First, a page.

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article imageOp-Ed: Private arbitration — Corporate crime on the rampage, again

By Paul Wallis     Oct 31, 2015 in Crime
New York - The sad, senile, ineffectual and arguably impotent force known as US law has scored another own goal – The rise of private arbitration clauses in consumer and employment contracts. It’s a catastrophic defeat for consumers and workers. Or is it?
When signing a phone, credit card or other contract, you agree to arbitration, whether you know it or not. You also abrogate all your legal rights in the process, according to the theory of these contracts. An “independent arbitrator” is supposedly used to determine claims, but there’s usually no indication of who or what this arbitrator is.
In employment law, the same applies. You can theoretically be fired illegally, discriminated against, etc, and there’s nothing you can do about it. There’s usually no right of appeal, either, unlike court verdicts.
This means that the corporate criminal classes have scored a massive victory over the US Constitution, which allows due process, basic contract and statute law. According to The New York Times:
“This is among the most profound shifts in our legal history,” William G. Young, a federal judge in Boston who was appointed by President Ronald Reagan, said in an interview. “Ominously, business has a good chance of opting out of the legal system altogether and misbehaving without reproach.”
One of the reasons for the rise of arbitration clauses in contracts is the sheer number of class actions taken out against American businesses. The claimants were winning, too. So the same corporate culture which gave the US Enron, Bernie Madoff, Wall Street and the rest of the Psycho Theme Park which used to be American business has apparently decided to opt out of any legal obligations to anyone – And the new, dynamic, whiter, brighter, 100% credibility-free US legal system has simply accepted it.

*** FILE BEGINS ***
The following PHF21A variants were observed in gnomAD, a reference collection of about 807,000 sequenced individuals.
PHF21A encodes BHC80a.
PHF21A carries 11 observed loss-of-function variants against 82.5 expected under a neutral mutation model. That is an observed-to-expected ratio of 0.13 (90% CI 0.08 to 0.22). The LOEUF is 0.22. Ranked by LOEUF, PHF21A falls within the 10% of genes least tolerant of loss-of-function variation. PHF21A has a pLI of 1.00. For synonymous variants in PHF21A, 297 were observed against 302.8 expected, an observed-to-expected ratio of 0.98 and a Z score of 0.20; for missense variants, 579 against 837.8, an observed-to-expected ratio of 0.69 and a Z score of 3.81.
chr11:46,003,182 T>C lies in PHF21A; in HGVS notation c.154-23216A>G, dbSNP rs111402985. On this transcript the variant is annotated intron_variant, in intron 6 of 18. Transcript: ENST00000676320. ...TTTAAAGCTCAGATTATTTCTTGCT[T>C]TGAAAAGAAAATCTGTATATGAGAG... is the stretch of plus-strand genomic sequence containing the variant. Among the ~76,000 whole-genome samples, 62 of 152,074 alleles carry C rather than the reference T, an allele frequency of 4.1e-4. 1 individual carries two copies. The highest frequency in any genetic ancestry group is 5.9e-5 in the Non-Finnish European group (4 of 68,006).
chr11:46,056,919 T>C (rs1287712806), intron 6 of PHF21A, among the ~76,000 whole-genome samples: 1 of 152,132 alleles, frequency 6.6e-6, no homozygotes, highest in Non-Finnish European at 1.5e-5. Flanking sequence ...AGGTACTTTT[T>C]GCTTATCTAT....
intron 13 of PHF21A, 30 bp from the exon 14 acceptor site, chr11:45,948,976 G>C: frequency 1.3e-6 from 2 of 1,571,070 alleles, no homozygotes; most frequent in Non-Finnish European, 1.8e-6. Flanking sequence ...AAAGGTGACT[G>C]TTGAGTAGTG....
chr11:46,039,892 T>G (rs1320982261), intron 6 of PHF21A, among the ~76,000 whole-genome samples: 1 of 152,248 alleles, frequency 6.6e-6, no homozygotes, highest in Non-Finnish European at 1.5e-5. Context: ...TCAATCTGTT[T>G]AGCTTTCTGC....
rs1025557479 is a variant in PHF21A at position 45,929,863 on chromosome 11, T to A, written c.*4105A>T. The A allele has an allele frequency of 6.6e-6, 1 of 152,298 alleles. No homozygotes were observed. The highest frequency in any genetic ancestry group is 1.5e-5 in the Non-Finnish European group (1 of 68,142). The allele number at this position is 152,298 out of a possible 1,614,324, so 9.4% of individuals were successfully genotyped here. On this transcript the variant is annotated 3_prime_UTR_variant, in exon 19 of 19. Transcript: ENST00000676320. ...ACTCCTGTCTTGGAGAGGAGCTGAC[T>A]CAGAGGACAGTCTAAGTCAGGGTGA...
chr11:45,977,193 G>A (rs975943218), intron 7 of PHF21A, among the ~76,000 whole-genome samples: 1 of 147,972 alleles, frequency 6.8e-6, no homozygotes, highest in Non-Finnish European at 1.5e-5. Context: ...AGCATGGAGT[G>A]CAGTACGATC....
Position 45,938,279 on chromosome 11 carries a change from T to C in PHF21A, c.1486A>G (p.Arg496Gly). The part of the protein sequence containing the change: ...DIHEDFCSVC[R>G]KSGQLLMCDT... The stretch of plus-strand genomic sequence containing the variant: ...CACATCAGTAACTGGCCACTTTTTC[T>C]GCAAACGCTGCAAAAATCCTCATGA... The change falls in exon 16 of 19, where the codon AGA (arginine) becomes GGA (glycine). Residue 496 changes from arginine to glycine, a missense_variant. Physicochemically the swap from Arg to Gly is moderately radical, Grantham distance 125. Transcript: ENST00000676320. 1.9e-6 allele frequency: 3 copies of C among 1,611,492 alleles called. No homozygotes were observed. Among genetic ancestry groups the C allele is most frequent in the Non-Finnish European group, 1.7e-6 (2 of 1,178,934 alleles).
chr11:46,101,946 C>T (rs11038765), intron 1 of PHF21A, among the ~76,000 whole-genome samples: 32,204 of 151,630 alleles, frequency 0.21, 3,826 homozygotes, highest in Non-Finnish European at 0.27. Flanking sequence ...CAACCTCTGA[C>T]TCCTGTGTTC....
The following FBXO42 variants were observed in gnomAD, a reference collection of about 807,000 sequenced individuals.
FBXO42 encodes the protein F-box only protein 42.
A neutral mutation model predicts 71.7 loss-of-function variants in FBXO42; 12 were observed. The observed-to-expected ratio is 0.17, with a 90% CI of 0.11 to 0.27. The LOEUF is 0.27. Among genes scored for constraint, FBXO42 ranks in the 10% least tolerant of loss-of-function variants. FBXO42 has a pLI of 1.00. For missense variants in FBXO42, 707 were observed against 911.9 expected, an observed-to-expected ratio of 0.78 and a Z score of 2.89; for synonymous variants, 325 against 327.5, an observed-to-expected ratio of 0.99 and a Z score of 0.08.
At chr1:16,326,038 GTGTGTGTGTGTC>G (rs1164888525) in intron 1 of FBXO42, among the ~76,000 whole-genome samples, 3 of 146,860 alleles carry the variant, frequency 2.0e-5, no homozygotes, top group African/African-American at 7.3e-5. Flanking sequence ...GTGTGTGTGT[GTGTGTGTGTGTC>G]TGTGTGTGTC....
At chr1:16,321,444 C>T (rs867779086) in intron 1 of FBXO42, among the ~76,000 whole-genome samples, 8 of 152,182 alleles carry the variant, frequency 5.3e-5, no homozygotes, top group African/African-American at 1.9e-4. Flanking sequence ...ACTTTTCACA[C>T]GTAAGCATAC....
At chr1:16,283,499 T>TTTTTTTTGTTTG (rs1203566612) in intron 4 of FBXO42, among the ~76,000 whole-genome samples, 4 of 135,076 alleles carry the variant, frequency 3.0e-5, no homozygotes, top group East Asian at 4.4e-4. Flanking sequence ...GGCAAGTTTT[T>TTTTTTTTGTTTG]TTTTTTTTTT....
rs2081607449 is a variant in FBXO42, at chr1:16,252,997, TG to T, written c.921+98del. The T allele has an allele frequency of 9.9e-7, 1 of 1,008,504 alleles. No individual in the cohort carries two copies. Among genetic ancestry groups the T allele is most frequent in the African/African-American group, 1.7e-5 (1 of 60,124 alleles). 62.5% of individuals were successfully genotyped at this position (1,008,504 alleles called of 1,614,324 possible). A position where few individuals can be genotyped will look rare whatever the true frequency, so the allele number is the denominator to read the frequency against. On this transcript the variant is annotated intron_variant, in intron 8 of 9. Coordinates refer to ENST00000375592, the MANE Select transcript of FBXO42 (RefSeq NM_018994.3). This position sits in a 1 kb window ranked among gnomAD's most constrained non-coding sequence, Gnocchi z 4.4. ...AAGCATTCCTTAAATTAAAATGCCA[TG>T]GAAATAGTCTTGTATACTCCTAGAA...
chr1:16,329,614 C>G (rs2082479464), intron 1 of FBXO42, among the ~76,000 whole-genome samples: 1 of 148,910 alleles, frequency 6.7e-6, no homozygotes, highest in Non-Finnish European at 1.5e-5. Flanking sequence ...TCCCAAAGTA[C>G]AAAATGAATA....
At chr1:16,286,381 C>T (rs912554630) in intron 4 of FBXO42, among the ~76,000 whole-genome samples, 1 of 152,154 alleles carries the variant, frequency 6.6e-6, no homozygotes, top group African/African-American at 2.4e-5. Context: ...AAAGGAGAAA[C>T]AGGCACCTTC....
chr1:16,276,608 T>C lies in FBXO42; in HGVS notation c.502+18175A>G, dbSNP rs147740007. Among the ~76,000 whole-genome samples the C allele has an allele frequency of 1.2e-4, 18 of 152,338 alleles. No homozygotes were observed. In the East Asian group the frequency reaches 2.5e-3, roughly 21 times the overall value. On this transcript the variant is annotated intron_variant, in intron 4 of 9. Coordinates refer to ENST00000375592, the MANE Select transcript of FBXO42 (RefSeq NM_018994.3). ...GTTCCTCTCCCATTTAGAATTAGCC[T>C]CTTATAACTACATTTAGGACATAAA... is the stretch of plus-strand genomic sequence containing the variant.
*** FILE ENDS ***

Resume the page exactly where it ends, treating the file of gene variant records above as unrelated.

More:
In effect:
Any contract-related law is irrelevant.
There is no need for lawyers, legislators, or courts because an arbitrator can make a decision with no recourse available to the claimant.
Another way of looking at contract arbitration – Absolute crap, from start to finish.
To explain – Contract law is written under the legal framework created by the Constitution.
Contracts do not exempt anyone from prosecution under criminal law or other statutes.
A contract is a contract, not a statute. It has no force at all, if deemed to be illegal, coercive, or otherwise not viable.
Therefore, actions taken under that contract are not immune to prosecution or other legal processes.
You can’t shoot someone or rob a bank and say “It’s OK, I have a contract.”
Ironically, the corporations have also given themselves a few toxic problems. If someone working for a corporation under an arbitration clause commits fraud, can they prosecute? Can an arbitrator deliver jail time or fines? No. They have no statutory power to do so.
To quote the 14th Amendment, according to Cornell:
Section 1.
All persons born or naturalized in the United States, and subject to the jurisdiction thereof, are citizens of the United States and of the state wherein they reside. No state shall make or enforce any law which shall abridge the privileges or immunities of citizens of the United States; nor shall any state deprive any person of life, liberty, or property, without due process of law; nor deny to any person within its jurisdiction the equal protection of the laws.
Meaning arbitration is not enforceable. It’s a load of garbage. It shouldn’t exist, and has no status under the Constitution. Any such action must refer to statutes, and legal protection is a Constitutional right. “Property” may include wages, services and entitlements provided under contract and similar bric a brac.
Now wait for a few decades while the mighty intellects of the Supreme Court and Congress grapple with this issue. Only in the senile, decrepit, and unbelievably corrupt modern version of the United States would this sickening decadence even be considered possible, let alone doable.
This opinion article was written by an independent writer. The opinions and views expressed herein are those of the author and are not necessarily intended to reflect those of DigitalJournal.com
More about United states constitution, US law, private contract arbitration, class actions and corporate law, Enron
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